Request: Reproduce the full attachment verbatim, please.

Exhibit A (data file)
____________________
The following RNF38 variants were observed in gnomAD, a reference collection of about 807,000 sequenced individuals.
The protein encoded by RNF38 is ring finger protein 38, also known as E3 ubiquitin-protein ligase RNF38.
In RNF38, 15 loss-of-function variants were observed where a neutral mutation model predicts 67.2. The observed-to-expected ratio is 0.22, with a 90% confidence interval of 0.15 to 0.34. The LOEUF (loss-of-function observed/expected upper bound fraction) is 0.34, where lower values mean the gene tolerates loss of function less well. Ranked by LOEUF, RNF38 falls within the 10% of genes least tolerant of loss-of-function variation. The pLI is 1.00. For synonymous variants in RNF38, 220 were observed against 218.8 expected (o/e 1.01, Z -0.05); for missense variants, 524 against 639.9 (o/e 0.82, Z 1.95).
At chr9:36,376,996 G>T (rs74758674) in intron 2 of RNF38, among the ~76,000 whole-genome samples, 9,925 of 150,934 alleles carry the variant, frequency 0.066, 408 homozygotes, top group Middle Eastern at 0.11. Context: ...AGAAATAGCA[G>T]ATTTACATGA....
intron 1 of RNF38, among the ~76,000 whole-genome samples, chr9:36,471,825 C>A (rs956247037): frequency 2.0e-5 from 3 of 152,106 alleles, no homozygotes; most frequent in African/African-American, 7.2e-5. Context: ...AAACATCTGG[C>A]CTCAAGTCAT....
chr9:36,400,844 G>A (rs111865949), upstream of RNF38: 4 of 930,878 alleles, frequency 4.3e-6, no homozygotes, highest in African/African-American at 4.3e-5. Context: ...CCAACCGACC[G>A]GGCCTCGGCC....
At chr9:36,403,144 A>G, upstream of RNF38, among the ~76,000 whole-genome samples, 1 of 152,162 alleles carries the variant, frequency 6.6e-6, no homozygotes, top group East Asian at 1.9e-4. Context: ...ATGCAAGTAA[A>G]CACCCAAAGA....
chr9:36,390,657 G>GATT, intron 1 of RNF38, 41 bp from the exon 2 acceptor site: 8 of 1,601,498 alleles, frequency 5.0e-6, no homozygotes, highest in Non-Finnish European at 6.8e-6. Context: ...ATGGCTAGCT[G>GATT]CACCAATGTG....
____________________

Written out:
The following RNF38 variants were observed in gnomAD, a reference collection of about 807,000 sequenced individuals.
The protein encoded by RNF38 is ring finger protein 38, also known as E3 ubiquitin-protein ligase RNF38.
In RNF38, 15 loss-of-function variants were observed where a neutral mutation model predicts 67.2. The observed-to-expected ratio is 0.22, with a 90% confidence interval of 0.15 to 0.34. The LOEUF (loss-of-function observed/expected upper bound fraction) is 0.34, where lower values mean the gene tolerates loss of function less well. Ranked by LOEUF, RNF38 falls within the 10% of genes least tolerant of loss-of-function variation. The pLI is 1.00. For synonymous variants in RNF38, 220 were observed against 218.8 expected (o/e 1.01, Z -0.05); for missense variants, 524 against 639.9 (o/e 0.82, Z 1.95).
At chr9:36,376,996 G>T (rs74758674) in intron 2 of RNF38, among the ~76,000 whole-genome samples, 9,925 of 150,934 alleles carry the variant, frequency 0.066, 408 homozygotes, top group Middle Eastern at 0.11. Context: ...AGAAATAGCA[G>T]ATTTACATGA....
intron 1 of RNF38, among the ~76,000 whole-genome samples, chr9:36,471,825 C>A (rs956247037): frequency 2.0e-5 from 3 of 152,106 alleles, no homozygotes; most frequent in African/African-American, 7.2e-5. Context: ...AAACATCTGG[C>A]CTCAAGTCAT....
chr9:36,400,844 G>A (rs111865949), upstream of RNF38: 4 of 930,878 alleles, frequency 4.3e-6, no homozygotes, highest in African/African-American at 4.3e-5. Context: ...CCAACCGACC[G>A]GGCCTCGGCC....
At chr9:36,403,144 A>G, upstream of RNF38, among the ~76,000 whole-genome samples, 1 of 152,162 alleles carries the variant, frequency 6.6e-6, no homozygotes, top group East Asian at 1.9e-4. Context: ...ATGCAAGTAA[A>G]CACCCAAAGA....
chr9:36,390,657 G>GATT, intron 1 of RNF38, 41 bp from the exon 2 acceptor site: 8 of 1,601,498 alleles, frequency 5.0e-6, no homozygotes, highest in Non-Finnish European at 6.8e-6. Context: ...ATGGCTAGCT[G>GATT]CACCAATGTG....